If weight loss is your goal, you may need to combine calorie counting with Ayurvedic advice on which foods to eat (perhaps until you learn what portion sizes work best for you and how to interpret your body's hunger cues). If you're interested in determining your individual calorie needs, you can do so with this calculator.

Though the Ayurvedic diet restricts many healthy foods recommended by the USDA for a well-balanced diet, the protocol encourages healthy lifestyle habits that encourage well-being.

Health Benefits

While research is limited, there is some evidence that following an Ayurvedic diet may improve health.

Encourages Healthy Long-Term Habits

Researchers from Harvard conducted a study supporting the possible use of holistic health interventions including Ayurveda to help people stick to new and healthy behaviors for the long term. Preliminary results suggested that these interventions may help people learn and stick with "new and healthier behavior patterns."

Improves Well-Being

A pilot investigation found that Ayurvedic practices appear to improve psychosocial health among both overweight/obese yoga students. These researchers cautioned, however, that results must be interpreted with caution due to issues with the study's design and other factors.

May Help Manage Chronic Conditions

A study conducted in Sweden found that Ayurvedic medicine improved outcomes for some participants with respiratory, musculoskeletal, circulatory, tumor, and cutaneous illnesses. Other studies have demonstrated that Ayurveda may be helpful in managing coronary heart disease and type 2 diabetes, and improving sleep quality and duration.

Supports Weight Loss

A 2005 review published in the International Journal of Obesity reported that a trial of herbal Ayurvedic preparations for weight loss resulted in clinically significant weight loss as compared to placebo.

Promotes Weight Management

In 2014, researchers from the University of New Mexico and the University of Arizona published a study reporting that an Ayurveda and yoga-based lifestyle modification program is an acceptable and feasible approach to weight management.

Health Risks

While emphasizing whole foods and eating mindfully are generally healthful, safe practices, there are some risks of using Ayurvedic herbs.

Side Effects

The National Institutes of Health cautions that some Ayurvedic products, herbs, or herbal combinations may cause side effects.

  • Triphala: Diarrhea and abdominal discomfort when taken in high doses
  • Guggul: Headaches, stomach upset, nausea, vomiting, loose stools, diarrhea, hiccups, and belching
  • Boswellia: Stomach pain, nausea, diarrhea, and an allergic rash (when applied topically)
  • Gotu kola: Upset stomach, nausea, light sensitivity, and an allergic rash (when applied topically)

Drug Interactions

Some Ayurvedic herbs may also interact with prescription and over-the-counter medicines. Talk to your healthcare team about any medications you're taking before trying any herbs associated with the Ayurvedic diet.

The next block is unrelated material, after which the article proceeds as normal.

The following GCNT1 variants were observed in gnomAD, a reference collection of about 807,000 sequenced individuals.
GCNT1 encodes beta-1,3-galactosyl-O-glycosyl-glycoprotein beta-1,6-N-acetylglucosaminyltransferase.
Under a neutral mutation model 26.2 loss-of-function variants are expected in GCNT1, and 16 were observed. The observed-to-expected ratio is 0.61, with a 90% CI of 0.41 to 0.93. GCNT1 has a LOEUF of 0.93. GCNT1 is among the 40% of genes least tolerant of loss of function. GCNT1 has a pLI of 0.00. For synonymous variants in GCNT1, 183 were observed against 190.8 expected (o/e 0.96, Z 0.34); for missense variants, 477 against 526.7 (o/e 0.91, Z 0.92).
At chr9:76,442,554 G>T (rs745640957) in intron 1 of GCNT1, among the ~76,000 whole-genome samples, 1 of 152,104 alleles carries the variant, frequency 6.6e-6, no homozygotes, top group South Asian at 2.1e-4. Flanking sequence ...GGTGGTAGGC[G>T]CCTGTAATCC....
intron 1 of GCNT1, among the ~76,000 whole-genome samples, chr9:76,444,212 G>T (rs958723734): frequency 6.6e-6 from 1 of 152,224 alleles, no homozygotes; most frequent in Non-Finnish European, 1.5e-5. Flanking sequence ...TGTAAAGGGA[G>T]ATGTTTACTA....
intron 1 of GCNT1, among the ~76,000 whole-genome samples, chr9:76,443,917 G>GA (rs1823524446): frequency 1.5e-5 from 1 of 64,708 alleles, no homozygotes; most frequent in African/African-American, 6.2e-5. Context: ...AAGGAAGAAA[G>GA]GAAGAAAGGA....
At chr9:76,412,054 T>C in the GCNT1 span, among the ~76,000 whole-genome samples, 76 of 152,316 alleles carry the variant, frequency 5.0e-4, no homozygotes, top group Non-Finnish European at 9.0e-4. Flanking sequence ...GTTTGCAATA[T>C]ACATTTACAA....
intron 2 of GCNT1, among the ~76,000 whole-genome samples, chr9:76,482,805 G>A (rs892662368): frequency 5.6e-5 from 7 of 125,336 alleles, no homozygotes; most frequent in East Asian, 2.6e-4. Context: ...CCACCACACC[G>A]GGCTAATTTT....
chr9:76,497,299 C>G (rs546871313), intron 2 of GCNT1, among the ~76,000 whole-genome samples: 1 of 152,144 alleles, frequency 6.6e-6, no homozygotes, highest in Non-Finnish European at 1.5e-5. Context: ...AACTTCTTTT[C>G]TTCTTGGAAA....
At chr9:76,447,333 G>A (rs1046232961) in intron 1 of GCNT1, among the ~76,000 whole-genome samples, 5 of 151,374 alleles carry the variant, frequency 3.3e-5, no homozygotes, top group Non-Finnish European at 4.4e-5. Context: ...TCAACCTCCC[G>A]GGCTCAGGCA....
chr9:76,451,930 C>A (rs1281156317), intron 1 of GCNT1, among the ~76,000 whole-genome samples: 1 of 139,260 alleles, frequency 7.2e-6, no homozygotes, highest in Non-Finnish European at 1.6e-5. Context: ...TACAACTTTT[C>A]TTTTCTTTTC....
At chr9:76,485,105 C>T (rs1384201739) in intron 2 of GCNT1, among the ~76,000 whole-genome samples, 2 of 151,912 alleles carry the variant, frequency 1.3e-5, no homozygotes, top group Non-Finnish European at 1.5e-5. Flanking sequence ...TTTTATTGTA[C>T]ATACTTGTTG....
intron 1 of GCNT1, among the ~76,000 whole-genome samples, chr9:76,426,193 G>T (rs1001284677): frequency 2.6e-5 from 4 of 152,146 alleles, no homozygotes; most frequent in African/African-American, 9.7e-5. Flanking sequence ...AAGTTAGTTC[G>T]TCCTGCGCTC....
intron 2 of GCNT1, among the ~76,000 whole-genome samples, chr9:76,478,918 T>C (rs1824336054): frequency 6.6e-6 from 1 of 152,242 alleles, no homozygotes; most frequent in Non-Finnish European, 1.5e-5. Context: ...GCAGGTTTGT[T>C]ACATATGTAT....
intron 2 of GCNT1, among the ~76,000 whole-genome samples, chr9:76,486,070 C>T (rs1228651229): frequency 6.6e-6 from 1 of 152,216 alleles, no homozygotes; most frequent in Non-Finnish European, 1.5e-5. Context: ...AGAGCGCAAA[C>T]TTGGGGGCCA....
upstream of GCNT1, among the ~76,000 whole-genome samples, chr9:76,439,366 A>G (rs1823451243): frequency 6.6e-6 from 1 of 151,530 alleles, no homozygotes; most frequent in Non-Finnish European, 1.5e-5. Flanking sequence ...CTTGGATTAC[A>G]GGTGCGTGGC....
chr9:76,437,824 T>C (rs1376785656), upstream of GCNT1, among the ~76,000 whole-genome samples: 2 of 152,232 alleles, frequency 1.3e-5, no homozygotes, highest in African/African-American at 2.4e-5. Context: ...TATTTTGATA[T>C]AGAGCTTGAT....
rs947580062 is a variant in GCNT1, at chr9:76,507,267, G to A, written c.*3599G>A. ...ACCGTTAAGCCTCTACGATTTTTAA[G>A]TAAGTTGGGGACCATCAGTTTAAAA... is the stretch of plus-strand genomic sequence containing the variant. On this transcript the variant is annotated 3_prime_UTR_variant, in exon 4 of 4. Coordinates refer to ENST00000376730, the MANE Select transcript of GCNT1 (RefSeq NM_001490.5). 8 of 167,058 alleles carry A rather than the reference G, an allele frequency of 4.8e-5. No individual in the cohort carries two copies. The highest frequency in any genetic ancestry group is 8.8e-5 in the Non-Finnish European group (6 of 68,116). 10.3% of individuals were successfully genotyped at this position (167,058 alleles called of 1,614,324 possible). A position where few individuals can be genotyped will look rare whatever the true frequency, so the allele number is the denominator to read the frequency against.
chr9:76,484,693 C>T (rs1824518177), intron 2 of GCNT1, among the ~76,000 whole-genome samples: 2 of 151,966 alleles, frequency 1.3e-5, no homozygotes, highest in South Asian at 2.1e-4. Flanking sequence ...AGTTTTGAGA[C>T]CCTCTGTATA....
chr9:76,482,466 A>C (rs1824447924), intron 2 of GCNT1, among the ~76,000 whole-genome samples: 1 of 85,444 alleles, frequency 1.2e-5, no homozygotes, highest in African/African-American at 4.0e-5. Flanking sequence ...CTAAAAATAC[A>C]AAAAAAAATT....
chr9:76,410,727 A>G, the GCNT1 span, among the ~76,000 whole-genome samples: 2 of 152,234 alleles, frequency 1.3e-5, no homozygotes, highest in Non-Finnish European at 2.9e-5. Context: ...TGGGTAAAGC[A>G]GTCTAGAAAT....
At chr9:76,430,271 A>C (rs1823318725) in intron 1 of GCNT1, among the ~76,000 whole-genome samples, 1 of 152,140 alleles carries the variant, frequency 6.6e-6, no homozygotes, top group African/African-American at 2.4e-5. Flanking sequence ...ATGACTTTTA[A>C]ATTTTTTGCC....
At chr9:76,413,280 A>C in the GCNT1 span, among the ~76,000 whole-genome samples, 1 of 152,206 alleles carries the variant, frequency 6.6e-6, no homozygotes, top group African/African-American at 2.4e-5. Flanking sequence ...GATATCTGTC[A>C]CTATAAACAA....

In rare cases, the NIH indicates that some Ayurvedic herbs may cause arsenic poisoning. Avoid side effects and interactions by checking with your doctor and making sure you're taking the herbs as instructed.

A Word From Verywell

The Ayurvedic diet has been practiced by millions of people for thousands of years and is accepted in many parts of the world as a method for improving overall health and wellness. There are also elements of the Ayurvedic diet that overlap with nutrition fundamentals practiced by Western medical and health experts.

If weight loss is your goal, you're likely to see results if you adopt an Ayurvedic diet and build meals around whole, unprocessed foods and mindful eating practices. Always discuss any major dietary changes or herbal medicines with your healthcare provider to make sure they don't interfere with current medications or with the management of any medical conditions.

Remember, following a long-term or short-term diet may not be necessary for you and many diets out there simply don’t work, especially long-term. While we do not endorse fad diet trends or unsustainable weight loss methods, we present the facts so you can make an informed decision that works best for your nutritional needs, genetic blueprint, budget, and goals.

If your goal is weight loss, remember that losing weight isn’t necessarily the same as being your healthiest self, and there are many other ways to pursue health. Exercise, sleep, and other lifestyle factors also play a major role in your overall health. The best diet is always the one that is balanced and fits your lifestyle.

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Verywell Fit uses only high-quality sources, including peer-reviewed studies, to support the facts within our articles. Read our editorial process to learn more about how we fact-check and keep our content accurate, reliable, and trustworthy.
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By Malia Frey, M.A., ACE-CHC, CPT
 Malia Frey is a weight loss expert, certified health coach, weight management specialist, personal trainer​, and fitness nutrition specialist.